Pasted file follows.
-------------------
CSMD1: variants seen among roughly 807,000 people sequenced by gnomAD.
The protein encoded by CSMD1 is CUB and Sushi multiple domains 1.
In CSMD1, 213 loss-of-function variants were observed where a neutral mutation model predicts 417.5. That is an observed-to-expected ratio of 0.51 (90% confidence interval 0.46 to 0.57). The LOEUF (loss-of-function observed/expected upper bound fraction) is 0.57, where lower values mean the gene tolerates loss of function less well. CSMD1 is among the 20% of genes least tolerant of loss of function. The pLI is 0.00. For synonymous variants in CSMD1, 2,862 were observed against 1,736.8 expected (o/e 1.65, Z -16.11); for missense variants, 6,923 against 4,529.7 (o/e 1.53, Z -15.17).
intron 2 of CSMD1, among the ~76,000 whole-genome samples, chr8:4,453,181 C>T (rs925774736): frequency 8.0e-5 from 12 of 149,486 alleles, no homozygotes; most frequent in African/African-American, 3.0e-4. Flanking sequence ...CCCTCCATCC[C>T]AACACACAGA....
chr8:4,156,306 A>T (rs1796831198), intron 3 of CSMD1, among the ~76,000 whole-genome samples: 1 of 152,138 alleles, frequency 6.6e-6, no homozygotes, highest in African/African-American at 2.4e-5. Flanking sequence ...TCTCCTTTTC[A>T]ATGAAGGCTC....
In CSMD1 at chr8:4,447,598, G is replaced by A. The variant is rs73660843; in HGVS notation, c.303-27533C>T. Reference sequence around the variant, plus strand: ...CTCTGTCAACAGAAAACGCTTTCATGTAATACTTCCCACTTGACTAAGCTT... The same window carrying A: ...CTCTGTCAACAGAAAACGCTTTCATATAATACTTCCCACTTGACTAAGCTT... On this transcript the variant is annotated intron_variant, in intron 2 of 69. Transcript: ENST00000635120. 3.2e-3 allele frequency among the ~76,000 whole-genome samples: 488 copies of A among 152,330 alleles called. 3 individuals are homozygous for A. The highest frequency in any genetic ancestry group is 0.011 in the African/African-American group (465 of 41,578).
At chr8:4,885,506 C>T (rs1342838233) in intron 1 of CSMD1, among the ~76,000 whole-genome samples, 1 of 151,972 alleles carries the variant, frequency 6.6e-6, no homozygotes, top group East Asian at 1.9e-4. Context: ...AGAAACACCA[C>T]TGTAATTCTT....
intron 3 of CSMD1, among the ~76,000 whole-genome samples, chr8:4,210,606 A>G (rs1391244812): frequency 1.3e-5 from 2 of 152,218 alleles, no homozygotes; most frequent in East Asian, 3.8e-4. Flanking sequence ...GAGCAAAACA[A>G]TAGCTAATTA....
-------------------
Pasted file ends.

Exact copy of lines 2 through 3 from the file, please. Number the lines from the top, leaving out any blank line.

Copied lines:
The protein encoded by CSMD1 is CUB and Sushi multiple domains 1.
In CSMD1, 213 loss-of-function variants were observed where a neutral mutation model predicts 417.5. That is an observed-to-expected ratio of 0.51 (90% confidence interval 0.46 to 0.57). The LOEUF (loss-of-function observed/expected upper bound fraction) is 0.57, where lower values mean the gene tolerates loss of function less well. CSMD1 is among the 20% of genes least tolerant of loss of function. The pLI is 0.00. For synonymous variants in CSMD1, 2,862 were observed against 1,736.8 expected (o/e 1.65, Z -16.11); for missense variants, 6,923 against 4,529.7 (o/e 1.53, Z -15.17).